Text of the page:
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Do it now! Australian Dendrobium hybrids and pulling down the sheath. Also known as "Tulip Leaf" Really importand tip!

Yestererday I looked at my plant of Dendrobium Yondi Tina 'Goliath' FCC and saw the typical tulip leaf being extra fused this season.

1 cane has already been lost due to overhead watering and misting (thats $250 buggerit!)

So i thought i would reprint this blog.

 

Sometimes growing orchids can be intimidating and somewhat difficult.

Here is a great tip used by all the best Australian Dendrobium growers. 

All hybrids that have Dendrobium Star of Gold 'Bathurst' in their background seem to suffer from this affliction.  

 

 

 

 

The next generation to use Star of Gold 'Bathurst' had this genetic fault also.

The famous Yondi Tina 'Goliath' FCC  is the worst for perpetuating the fault.

Tulip leaf is when the protective young leaf sheath surrounds the expanding new growth strangles the young leaves into a water holding cup  like a tulip flower.

All the examples shown below are Dendrobium Brimbank Gold. A wonderful gold bloom, but a complete must for sheath peeling.

 

The problem then lies in the fact this holds water. The young new growths tend to produce sugary liquids to attract ants (another blog in itself)  and this mixes with trapped water to ferment and rot the new cane.

In a hobby collection its easily controlled,by pealing and sometimes minor sugery, but in a commercial situation its just too much work. Better to try and breed it out.

So how to do? Easy,just pinch the leaf fine sheath and peal it down to allow the water to escape. If you dont, bacteria and fungus may germinate and damage as shown below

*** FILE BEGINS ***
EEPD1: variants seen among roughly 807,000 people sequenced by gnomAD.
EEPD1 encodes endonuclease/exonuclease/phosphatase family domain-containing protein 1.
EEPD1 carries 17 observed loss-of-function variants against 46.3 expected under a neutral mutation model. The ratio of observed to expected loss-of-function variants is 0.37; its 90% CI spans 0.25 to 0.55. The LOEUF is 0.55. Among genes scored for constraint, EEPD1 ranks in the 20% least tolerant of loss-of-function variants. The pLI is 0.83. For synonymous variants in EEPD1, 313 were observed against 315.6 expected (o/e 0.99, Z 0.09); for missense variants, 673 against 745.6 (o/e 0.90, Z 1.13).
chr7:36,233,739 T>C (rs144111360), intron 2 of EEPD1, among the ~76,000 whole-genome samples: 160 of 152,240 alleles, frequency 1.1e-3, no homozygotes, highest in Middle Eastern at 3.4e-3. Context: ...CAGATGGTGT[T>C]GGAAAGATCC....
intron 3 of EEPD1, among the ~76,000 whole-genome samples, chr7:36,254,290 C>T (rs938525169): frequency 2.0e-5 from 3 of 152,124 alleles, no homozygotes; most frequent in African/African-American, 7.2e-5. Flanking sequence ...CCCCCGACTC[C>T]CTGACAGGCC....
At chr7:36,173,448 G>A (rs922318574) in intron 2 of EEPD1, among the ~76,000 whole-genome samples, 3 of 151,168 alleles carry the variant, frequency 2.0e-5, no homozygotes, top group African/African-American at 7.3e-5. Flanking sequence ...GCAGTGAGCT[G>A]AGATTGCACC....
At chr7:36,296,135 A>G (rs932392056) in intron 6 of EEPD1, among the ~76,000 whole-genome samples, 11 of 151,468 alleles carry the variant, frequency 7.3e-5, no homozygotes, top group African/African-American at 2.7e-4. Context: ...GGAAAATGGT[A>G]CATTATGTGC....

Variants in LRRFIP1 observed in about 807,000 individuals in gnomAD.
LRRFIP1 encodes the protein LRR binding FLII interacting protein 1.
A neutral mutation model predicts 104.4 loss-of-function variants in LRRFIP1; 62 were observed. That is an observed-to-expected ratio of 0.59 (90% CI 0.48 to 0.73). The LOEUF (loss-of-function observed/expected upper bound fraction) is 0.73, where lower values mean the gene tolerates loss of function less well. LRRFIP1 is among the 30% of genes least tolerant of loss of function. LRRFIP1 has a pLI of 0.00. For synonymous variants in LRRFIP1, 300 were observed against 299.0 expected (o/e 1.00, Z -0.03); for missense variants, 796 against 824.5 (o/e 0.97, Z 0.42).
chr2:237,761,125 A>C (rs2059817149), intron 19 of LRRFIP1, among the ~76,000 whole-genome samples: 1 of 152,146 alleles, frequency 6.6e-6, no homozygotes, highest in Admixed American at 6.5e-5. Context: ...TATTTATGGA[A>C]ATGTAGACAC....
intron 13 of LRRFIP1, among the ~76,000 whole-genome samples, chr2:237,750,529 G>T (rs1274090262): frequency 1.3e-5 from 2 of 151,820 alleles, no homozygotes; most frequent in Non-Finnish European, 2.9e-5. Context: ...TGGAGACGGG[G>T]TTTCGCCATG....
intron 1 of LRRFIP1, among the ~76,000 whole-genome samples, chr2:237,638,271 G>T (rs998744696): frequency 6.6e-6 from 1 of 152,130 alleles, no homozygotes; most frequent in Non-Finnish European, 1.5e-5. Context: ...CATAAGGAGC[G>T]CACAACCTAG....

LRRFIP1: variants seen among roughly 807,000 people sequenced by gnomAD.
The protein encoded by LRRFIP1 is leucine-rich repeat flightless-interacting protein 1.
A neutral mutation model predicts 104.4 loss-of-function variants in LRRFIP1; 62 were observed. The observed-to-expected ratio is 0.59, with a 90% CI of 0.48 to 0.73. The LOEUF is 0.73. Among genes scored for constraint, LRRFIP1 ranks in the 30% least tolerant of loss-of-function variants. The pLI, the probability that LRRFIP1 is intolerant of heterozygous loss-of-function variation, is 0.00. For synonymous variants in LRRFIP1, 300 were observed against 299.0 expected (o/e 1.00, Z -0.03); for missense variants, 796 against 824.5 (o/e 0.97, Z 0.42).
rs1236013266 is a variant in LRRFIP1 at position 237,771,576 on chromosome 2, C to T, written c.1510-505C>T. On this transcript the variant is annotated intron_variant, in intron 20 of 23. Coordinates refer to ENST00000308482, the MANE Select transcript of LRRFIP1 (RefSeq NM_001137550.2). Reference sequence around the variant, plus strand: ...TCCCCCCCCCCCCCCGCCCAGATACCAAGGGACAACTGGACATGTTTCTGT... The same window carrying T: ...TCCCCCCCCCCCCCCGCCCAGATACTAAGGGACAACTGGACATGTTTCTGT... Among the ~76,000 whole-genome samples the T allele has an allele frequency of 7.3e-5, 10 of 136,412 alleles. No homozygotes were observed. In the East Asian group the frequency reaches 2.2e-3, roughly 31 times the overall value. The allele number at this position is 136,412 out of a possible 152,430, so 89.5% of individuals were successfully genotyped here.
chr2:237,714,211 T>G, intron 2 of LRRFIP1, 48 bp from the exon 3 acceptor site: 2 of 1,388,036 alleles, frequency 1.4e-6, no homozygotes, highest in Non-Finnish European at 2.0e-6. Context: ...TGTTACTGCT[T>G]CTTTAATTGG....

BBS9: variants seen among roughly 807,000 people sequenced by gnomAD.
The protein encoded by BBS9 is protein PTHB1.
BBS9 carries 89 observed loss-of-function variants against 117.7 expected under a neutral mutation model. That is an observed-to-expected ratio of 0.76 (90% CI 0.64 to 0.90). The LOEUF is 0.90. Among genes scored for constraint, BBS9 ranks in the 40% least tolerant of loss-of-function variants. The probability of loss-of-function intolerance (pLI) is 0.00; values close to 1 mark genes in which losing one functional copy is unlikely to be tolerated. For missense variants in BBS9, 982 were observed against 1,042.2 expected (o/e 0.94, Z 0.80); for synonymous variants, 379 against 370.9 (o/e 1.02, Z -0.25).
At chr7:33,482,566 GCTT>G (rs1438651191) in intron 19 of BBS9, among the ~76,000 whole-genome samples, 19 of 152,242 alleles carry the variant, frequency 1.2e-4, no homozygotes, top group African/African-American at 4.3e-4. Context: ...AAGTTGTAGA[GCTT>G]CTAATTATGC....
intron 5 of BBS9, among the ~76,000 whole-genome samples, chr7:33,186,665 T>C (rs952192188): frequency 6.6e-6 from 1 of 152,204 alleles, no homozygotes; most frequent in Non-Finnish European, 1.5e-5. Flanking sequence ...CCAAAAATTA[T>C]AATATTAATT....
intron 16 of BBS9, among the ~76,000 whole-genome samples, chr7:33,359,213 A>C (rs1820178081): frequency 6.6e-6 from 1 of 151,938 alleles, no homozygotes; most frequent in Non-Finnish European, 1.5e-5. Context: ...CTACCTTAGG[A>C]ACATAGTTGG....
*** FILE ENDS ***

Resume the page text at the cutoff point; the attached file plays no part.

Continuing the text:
So now you know!

But sometimes its not that easy. The new sheath may not be so papery and may require a scalpel or box cutter to slice down the sheath. This may be nessesary if up to three layers of sheath need to be removed. What a bloody nuisance!

 

Be careful, as if done too early the growth may collapse. Also watch out for the growing flower nodes which look like lemon pips. This is where your blooms may come from.

This proceedure may also be needed on Dendrobium speciosum and nearly always on Dendrobium Avril's Gold, even though there is no Star Of Gold in their background.

Warm humid weather and overhead watering also make this rotting more common,as does high temeratures.

 It may also be nessesary to perform this on plants as young as 50mm tubes. Below also shows the botritis attack from Tulip leaf I just caught before losing the growth.

As now exposed to air, it should dry and heal.

 



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  • Marian Ley on

    Thank you for this tip.

  • angela on

    as a newgrower i found this very informative as ive had death by this and not knowing what was causing it.

  • Terry Sowter on

    I found the same some of my Cats whilst checking my Dendrobiums. Thank you for the heads up. But I’m a compulsive sheath puller anyway. I have always found your blogs both informative and humorous.

  • Mary Tang on

    Thanks for the reminder; looks like I have a lot of peeling to do!

  • Graham Hastings on

    I have the same problem up here on the lower Atherton Tablelands with new growth on most of my natives including my speciosums with high humidity frequent storms and a leaky roof in monsoon showers .
    Just thought I would mention a trick I picked up from Gerry Walsh , buy as many as you need of polysitrone disposable coffee cups ( not the plastics ones as they can sweat ) and I place these over the new growths when watering / ferterlizing or on those special problem ones . Take it off after watering and the growth stays dry . It is a bit of a pain in the butt specially when you have to get 120 or more , but it works for me.


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